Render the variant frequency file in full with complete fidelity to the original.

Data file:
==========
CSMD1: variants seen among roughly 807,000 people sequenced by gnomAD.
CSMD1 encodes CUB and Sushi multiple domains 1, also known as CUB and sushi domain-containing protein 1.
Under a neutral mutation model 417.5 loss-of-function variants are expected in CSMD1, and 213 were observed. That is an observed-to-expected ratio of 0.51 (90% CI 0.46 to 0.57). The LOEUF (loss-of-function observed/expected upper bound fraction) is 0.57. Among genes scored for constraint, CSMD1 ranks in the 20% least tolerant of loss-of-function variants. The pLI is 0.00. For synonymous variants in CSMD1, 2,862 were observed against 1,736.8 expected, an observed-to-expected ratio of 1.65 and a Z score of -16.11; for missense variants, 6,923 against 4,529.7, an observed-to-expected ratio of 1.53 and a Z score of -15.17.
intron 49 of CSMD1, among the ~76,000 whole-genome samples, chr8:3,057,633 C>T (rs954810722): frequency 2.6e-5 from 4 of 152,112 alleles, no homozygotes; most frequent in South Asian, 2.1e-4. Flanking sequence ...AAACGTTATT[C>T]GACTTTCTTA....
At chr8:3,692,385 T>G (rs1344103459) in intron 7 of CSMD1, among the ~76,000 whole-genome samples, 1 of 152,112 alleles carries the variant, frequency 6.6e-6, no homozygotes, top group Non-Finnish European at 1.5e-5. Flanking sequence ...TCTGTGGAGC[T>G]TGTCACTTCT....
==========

CSMD1: variants seen among roughly 807,000 people sequenced by gnomAD.
CSMD1 encodes CUB and Sushi multiple domains 1, also known as CUB and sushi domain-containing protein 1.
Under a neutral mutation model 417.5 loss-of-function variants are expected in CSMD1, and 213 were observed. That is an observed-to-expected ratio of 0.51 (90% CI 0.46 to 0.57). The LOEUF (loss-of-function observed/expected upper bound fraction) is 0.57. Among genes scored for constraint, CSMD1 ranks in the 20% least tolerant of loss-of-function variants. The pLI is 0.00. For synonymous variants in CSMD1, 2,862 were observed against 1,736.8 expected, an observed-to-expected ratio of 1.65 and a Z score of -16.11; for missense variants, 6,923 against 4,529.7, an observed-to-expected ratio of 1.53 and a Z score of -15.17.
intron 49 of CSMD1, among the ~76,000 whole-genome samples, chr8:3,057,633 C>T (rs954810722): frequency 2.6e-5 from 4 of 152,112 alleles, no homozygotes; most frequent in South Asian, 2.1e-4. Flanking sequence ...AAACGTTATT[C>T]GACTTTCTTA....
At chr8:3,692,385 T>G (rs1344103459) in intron 7 of CSMD1, among the ~76,000 whole-genome samples, 1 of 152,112 alleles carries the variant, frequency 6.6e-6, no homozygotes, top group Non-Finnish European at 1.5e-5. Flanking sequence ...TCTGTGGAGC[T>G]TGTCACTTCT....